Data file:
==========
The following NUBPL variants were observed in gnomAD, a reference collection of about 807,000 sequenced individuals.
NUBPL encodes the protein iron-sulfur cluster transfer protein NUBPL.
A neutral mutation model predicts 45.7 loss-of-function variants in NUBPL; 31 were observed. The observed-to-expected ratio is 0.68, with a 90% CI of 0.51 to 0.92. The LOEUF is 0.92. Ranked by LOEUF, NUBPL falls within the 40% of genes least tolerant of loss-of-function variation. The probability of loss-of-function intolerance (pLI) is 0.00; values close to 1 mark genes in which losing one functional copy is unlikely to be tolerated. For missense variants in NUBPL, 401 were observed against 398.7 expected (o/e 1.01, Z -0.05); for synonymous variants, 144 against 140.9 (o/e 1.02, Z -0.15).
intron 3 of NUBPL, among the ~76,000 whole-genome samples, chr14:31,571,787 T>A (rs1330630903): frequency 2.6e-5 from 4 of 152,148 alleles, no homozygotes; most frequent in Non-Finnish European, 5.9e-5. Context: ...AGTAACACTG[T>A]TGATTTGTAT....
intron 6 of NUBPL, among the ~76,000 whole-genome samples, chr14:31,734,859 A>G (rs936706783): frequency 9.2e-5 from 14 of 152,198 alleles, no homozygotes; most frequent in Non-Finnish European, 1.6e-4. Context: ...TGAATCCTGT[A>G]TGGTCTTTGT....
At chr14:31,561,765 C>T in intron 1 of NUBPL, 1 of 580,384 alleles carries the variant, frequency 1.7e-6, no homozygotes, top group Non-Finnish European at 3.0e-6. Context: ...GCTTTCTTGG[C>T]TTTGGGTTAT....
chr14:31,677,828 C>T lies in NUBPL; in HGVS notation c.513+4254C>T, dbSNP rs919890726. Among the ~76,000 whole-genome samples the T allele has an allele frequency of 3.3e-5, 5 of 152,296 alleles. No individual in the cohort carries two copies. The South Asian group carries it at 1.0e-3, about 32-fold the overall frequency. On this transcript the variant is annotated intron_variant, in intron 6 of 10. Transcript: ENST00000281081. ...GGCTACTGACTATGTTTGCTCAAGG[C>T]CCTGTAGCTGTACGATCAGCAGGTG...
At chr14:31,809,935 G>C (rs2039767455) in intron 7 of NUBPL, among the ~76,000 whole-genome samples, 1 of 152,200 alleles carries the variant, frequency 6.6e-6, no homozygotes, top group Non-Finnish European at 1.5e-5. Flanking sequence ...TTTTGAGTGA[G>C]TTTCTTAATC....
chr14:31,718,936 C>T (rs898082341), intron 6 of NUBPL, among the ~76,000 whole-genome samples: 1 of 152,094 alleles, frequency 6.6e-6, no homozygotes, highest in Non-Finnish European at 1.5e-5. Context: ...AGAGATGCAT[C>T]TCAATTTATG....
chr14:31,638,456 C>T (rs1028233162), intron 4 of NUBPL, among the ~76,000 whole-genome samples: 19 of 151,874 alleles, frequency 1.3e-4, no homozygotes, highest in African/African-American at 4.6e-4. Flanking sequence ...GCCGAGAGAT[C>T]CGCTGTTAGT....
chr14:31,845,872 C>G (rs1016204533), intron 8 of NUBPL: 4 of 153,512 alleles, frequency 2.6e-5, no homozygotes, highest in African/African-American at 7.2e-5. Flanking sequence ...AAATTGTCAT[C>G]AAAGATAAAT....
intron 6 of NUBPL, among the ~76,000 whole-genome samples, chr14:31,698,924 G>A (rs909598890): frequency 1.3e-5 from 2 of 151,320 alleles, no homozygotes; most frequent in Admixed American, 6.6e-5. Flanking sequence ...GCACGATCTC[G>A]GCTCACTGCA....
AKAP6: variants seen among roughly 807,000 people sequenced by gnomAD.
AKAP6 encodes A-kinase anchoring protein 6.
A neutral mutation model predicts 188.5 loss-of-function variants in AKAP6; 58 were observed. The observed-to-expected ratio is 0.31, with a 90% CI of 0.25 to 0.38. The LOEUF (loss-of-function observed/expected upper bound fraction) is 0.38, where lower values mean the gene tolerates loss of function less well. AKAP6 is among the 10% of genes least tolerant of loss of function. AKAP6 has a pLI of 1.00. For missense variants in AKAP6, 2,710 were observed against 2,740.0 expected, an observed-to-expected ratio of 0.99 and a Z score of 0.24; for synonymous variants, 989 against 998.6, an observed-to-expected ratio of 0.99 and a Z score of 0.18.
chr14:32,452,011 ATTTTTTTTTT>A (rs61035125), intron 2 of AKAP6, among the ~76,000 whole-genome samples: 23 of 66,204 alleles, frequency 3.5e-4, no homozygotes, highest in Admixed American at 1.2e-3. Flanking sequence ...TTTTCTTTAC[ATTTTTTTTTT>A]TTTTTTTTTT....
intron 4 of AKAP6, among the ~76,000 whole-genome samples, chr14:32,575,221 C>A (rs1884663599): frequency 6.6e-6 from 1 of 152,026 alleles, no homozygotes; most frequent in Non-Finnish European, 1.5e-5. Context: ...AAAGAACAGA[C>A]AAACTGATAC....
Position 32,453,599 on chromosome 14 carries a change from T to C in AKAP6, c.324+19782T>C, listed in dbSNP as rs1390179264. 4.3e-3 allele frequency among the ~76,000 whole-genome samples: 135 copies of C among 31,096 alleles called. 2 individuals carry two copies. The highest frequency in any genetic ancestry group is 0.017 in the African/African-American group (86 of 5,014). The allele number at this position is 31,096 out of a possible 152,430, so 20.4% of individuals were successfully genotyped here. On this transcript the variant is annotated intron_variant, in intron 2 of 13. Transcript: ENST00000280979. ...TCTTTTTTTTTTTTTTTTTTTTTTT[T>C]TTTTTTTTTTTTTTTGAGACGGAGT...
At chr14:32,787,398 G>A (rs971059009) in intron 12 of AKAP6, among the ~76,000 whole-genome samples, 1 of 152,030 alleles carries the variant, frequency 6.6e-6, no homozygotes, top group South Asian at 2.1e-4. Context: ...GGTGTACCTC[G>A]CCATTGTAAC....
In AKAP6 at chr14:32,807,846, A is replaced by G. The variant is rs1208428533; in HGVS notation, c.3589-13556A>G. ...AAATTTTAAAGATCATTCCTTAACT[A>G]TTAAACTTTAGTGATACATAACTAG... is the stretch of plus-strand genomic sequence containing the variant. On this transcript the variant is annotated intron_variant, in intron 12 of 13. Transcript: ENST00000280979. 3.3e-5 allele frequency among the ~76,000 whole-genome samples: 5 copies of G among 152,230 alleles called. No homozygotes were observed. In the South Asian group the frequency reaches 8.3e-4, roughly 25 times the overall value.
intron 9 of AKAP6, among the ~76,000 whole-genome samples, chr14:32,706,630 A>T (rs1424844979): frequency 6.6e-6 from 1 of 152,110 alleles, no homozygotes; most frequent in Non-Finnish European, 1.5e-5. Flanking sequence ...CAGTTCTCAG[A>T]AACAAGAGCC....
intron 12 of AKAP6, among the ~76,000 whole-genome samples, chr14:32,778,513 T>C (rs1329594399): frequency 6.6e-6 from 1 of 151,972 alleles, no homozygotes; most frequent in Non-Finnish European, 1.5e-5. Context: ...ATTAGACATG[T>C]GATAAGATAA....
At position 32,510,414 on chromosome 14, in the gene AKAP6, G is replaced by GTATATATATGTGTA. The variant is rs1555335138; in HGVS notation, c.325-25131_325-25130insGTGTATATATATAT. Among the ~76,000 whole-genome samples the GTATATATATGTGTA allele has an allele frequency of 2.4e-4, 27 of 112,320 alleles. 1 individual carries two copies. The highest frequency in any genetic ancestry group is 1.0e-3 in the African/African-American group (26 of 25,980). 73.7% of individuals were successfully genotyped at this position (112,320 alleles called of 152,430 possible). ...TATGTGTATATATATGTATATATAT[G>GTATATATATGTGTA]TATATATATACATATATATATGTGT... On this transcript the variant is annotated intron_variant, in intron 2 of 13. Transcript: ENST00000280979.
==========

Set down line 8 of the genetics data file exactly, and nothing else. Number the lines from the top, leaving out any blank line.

At chr14:31,809,935 G>C (rs2039767455) in intron 7 of NUBPL, among the ~76,000 whole-genome samples, 1 of 152,200 alleles carries the variant, frequency 6.6e-6, no homozygotes, top group Non-Finnish European at 1.5e-5. Flanking sequence ...TTTTGAGTGA[G>C]TTTCTTAATC....